Ask This Question After They Ask You About Your Weaknesses

By Jeff Altman, The Big Game Hunter
After they ask you about your weaknesses, or, at the end of the interview when they ask you if you have any questions, ask this question.

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If you’re being interviewed, I don’t care whether it’s by HR, or a hiring manager, and they get to the point of, ‘so what are your strengths? What are your weaknesses,’ most people follow along with the script pretty well.interview

But if they ask you about your weaknesses, I want you to follow up with a question for them. the question is, ‘you know, every organization has its particular friction, that causes people frustration. One thing I learned a long time ago is surprises are rarely good. So I thought I would just ask you, while we’re talking about my weaknesses, what friction exists within the organization that I should just be aware of?’  ‘What do you mean, there’s friction?’ ‘You know, people leave jobs; staff becomes frustrated, it happens. maybe you get frustrated as well. So I just don’t want to be surprised when I join. And thus, if you could tell me about some of the institutional friction that might exist within the group, within the department, within the organization, that’d be very helpful to me.’

Now, this is one of those questions that you can’t ask in a confrontational way. And you should practice saying these things in advance. Now, if they don’t ask you about your weaknesses, which, frankly, I give them kudos for not asking that stupid question, then as you ask questions later on, if you follow my format about questions to ask at the end of the interview, this would take place after you find out about how they’re going to evaluate you after a year. . . ‘Let’s say you hire me, and I come on board and it’s a year from now. It’s time for me to give me my first review. What should I have accomplished during that your that would make you think I was a great hire?’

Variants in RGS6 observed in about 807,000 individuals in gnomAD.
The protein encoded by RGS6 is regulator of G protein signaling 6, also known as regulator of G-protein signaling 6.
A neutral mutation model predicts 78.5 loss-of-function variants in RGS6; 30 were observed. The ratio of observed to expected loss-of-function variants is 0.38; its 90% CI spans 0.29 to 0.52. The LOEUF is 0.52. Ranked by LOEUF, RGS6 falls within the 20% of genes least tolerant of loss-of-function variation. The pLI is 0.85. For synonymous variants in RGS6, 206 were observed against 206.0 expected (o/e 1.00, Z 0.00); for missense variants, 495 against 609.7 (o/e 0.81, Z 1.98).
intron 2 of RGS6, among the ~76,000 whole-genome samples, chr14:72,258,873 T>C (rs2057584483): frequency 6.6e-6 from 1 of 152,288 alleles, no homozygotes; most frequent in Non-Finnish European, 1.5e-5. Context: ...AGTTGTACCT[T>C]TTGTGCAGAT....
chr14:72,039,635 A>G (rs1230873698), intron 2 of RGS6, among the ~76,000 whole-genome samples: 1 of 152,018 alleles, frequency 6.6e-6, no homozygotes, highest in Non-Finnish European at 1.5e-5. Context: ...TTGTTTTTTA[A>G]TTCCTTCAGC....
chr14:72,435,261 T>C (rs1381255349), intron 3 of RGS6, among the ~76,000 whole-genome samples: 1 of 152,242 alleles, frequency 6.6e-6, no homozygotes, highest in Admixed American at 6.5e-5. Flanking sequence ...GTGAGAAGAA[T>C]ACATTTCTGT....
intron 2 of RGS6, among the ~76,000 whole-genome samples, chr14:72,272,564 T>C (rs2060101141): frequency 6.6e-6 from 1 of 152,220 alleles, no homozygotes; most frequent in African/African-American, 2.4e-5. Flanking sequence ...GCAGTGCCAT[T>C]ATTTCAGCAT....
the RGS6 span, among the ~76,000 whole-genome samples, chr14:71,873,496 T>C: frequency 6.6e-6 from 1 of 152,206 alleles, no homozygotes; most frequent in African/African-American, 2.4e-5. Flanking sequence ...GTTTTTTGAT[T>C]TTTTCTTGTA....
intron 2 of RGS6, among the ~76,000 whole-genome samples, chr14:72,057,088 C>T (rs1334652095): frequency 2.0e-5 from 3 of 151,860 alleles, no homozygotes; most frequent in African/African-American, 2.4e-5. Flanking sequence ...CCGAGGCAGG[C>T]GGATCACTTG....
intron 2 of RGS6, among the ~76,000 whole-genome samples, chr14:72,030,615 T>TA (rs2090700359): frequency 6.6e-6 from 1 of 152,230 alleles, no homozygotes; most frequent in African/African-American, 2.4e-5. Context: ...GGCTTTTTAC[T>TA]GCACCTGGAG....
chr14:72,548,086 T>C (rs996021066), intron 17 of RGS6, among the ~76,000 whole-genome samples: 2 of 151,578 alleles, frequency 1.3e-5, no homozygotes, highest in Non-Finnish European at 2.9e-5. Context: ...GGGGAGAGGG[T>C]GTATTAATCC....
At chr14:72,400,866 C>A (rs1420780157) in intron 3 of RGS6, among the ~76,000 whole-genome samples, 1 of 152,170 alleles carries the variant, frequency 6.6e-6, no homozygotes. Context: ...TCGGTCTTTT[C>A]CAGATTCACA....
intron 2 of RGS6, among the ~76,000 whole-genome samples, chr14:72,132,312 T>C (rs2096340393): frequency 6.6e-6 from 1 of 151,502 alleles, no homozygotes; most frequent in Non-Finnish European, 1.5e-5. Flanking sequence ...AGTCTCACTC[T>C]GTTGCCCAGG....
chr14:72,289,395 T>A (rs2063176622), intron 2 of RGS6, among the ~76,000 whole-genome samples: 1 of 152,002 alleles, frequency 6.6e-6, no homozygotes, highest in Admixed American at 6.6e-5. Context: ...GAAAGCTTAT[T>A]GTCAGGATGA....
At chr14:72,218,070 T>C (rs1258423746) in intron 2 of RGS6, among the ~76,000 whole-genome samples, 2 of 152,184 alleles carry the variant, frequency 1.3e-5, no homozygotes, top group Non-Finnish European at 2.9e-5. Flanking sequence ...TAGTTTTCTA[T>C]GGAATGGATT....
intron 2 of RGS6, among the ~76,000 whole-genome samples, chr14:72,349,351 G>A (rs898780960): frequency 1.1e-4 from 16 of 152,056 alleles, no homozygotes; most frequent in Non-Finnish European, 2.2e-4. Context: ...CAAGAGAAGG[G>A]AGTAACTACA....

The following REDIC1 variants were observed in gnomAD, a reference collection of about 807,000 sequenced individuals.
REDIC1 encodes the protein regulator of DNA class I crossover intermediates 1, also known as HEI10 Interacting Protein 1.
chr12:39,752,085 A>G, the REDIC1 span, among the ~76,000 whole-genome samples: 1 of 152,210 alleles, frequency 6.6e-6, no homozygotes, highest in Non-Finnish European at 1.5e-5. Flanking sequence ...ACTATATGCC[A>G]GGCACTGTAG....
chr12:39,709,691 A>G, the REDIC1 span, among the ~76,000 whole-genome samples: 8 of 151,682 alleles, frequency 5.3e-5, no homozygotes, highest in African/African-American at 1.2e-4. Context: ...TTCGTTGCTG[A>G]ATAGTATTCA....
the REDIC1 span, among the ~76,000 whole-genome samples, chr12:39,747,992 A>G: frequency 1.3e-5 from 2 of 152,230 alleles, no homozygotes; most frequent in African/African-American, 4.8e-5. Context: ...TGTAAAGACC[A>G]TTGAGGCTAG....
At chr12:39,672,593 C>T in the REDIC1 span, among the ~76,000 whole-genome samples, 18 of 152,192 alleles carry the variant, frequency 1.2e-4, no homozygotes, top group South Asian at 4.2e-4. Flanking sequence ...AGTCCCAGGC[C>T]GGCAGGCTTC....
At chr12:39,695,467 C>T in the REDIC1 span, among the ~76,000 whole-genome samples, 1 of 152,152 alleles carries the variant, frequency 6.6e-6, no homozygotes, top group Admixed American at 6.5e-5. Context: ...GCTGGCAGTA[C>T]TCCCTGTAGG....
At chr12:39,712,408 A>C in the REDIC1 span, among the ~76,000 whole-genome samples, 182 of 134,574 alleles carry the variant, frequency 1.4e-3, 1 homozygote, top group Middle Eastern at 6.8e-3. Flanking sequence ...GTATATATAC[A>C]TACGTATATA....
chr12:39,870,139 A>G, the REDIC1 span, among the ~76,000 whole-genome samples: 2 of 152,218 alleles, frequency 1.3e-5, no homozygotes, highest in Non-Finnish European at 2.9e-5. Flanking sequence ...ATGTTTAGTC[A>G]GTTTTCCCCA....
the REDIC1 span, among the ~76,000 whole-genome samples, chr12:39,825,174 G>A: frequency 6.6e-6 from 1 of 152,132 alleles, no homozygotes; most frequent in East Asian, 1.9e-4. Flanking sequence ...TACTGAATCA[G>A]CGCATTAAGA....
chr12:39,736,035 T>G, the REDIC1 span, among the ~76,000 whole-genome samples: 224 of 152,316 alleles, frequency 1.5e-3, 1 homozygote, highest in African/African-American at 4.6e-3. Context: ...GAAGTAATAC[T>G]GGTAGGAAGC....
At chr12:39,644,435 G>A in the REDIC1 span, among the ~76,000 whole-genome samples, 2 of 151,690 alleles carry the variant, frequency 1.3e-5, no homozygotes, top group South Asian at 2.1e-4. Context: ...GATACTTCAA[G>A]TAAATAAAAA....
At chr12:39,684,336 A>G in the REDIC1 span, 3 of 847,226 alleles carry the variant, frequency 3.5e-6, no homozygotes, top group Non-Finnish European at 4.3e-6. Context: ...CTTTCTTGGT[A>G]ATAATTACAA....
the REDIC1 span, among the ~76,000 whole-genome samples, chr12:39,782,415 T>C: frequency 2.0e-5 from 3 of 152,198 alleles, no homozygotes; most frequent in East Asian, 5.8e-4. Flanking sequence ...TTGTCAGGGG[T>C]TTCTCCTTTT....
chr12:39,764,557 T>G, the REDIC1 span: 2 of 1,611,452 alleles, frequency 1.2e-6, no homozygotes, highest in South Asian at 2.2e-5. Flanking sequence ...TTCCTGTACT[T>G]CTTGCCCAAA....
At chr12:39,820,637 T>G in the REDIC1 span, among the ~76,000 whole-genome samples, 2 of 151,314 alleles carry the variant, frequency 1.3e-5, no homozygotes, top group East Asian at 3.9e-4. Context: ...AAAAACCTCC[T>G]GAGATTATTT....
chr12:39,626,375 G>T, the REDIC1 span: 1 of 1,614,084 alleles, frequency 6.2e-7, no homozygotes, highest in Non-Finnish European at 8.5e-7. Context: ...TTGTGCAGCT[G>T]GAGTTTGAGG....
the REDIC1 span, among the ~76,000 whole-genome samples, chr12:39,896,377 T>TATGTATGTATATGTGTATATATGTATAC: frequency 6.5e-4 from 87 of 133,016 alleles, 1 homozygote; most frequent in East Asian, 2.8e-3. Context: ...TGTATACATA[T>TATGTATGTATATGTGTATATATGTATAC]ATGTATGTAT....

And before you ask about what the next steps in the process might be, when you might hear back, and whether you can follow up, again, I’ve got very specific language about this. So between how they’ll evaluate you after a year and before  when you might hear about next steps, I want you to sneak that question in.

‘So let me ask you this. Before I join, I believe surprises are rarely good. And certainly someone may have left this job before, someone in the team may be interview frustrated at times. And I just want to get a sense of what I’m stepping into, what sort of institutional friction might show up, that could cause frustration, because, hey, look, just like no employee is perfect, no organization is perfect. So I’d appreciate hearing about some of the institutional friction that might exist. So I’m not surprised.

Because ultimately, when you’re making decisions about organizations, aren’t they painting a beautiful picture of a great opportunity with a terrific team of people? And it’s never completely true. And you discover that early on. And the disappointment that job hunters experience is noticeable.

So asking them this question will serve you very well, because you don’t want to be surprised if they say what makes you think there’s friction because there’s always friction. And you put a big smile on your face, and a twinkle in your eye. ‘There’s always friction that shows up. Whether it’s in my first week or my 400th week. I’m just trying to get an idea because I don’t want to be surprised.’

So I hope you found this helpful. I’m Jeff Altman. Visit my website, There’s a ton in the blog to help you. And if you need advice because people hire me for no BS career advice, which can relate to a job search, hiring more effectively, management, leadership, dealing with workplace issues, career transitions, and more. You can schedule time for a free discovery call scheduled time for a coaching session, find out about my courses, books and guides. There’s a lot there to help you.

Also connect with me on Linkedin at Have a terrific day and be great!

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Jeff Altman, The Big Game Hunter
Jeff Altman, The Big Game Hunter

Jeff Altman, The Big Game Hunter is a coach who worked as a recruiter for what seems like one hundred years. His work involves career coaching, as well as executive job search coaching, job coaching, and interview coaching. He is the host of “No BS Job Search Advice Radio,” the #1 podcast in iTunes for job search with over 2400 episodes.

Are you interested in 1:1 coaching, interview coaching, advice about networking more effectively, how to negotiate your offer or leadership coaching? People hire me to provide No BS career advice whether that is about a job search, hiring better, leadership, management or support with a workplace issue. Schedule a discovery call at my website, 

My courses are available on my The courses include ones about Informational InterviewsInterviewing, final interview preparation, salary negotiation mistakes to avoidthe top 10 questions to prepare for on any job interview, and starting a new job.

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